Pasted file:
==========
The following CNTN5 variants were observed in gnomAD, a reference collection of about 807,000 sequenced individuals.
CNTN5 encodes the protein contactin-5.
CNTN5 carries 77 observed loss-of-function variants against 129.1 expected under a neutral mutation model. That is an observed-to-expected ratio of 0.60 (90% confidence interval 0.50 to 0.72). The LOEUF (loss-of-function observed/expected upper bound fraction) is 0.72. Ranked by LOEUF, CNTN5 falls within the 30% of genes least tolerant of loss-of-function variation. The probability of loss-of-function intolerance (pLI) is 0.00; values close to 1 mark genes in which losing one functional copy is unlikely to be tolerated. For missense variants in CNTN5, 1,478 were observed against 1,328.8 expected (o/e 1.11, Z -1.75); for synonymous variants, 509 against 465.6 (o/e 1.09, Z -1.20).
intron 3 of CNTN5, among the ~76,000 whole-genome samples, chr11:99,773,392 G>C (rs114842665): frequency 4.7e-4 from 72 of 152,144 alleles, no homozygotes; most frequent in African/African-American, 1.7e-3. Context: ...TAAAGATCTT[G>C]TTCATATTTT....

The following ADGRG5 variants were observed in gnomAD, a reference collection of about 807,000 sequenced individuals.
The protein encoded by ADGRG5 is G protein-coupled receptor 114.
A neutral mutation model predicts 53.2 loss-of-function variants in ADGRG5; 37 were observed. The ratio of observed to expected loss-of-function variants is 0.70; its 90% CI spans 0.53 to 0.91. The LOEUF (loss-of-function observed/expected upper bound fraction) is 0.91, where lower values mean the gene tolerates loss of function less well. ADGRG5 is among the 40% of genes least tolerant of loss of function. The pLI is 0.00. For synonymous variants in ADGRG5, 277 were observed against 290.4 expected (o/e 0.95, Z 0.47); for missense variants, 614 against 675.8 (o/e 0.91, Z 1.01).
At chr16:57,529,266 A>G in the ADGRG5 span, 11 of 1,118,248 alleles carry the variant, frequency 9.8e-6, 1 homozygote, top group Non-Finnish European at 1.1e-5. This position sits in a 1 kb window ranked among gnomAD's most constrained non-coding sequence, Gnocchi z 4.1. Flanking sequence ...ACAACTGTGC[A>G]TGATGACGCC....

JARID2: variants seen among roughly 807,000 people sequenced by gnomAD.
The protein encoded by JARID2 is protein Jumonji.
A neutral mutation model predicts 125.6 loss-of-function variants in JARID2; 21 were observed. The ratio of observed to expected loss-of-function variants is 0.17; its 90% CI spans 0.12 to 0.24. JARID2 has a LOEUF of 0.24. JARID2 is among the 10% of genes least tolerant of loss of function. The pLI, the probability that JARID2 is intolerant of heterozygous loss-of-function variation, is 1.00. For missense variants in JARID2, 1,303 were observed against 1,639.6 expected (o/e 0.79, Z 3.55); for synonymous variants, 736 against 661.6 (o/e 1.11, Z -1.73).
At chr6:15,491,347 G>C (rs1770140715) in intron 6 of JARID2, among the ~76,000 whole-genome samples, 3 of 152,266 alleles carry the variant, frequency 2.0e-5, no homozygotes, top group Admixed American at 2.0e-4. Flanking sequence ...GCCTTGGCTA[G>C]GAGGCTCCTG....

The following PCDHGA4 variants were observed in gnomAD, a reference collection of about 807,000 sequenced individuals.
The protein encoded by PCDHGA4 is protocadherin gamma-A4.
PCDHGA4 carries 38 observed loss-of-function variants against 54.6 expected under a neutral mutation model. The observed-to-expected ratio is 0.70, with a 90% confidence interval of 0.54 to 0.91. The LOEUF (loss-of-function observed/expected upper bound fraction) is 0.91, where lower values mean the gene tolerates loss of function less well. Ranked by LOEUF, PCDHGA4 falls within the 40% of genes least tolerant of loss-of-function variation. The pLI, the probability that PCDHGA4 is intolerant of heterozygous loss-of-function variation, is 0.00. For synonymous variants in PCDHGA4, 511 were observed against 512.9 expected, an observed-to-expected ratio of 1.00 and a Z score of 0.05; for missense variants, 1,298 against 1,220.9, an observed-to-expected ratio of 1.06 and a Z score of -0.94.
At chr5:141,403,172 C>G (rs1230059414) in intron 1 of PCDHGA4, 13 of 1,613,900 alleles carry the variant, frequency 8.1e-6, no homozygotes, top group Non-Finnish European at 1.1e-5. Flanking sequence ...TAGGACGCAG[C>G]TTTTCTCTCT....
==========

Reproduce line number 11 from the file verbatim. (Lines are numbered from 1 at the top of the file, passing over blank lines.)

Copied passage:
A neutral mutation model predicts 125.6 loss-of-function variants in JARID2; 21 were observed. The ratio of observed to expected loss-of-function variants is 0.17; its 90% CI spans 0.12 to 0.24. JARID2 has a LOEUF of 0.24. JARID2 is among the 10% of genes least tolerant of loss of function. The pLI, the probability that JARID2 is intolerant of heterozygous loss-of-function variation, is 1.00. For missense variants in JARID2, 1,303 were observed against 1,639.6 expected (o/e 0.79, Z 3.55); for synonymous variants, 736 against 661.6 (o/e 1.11, Z -1.73).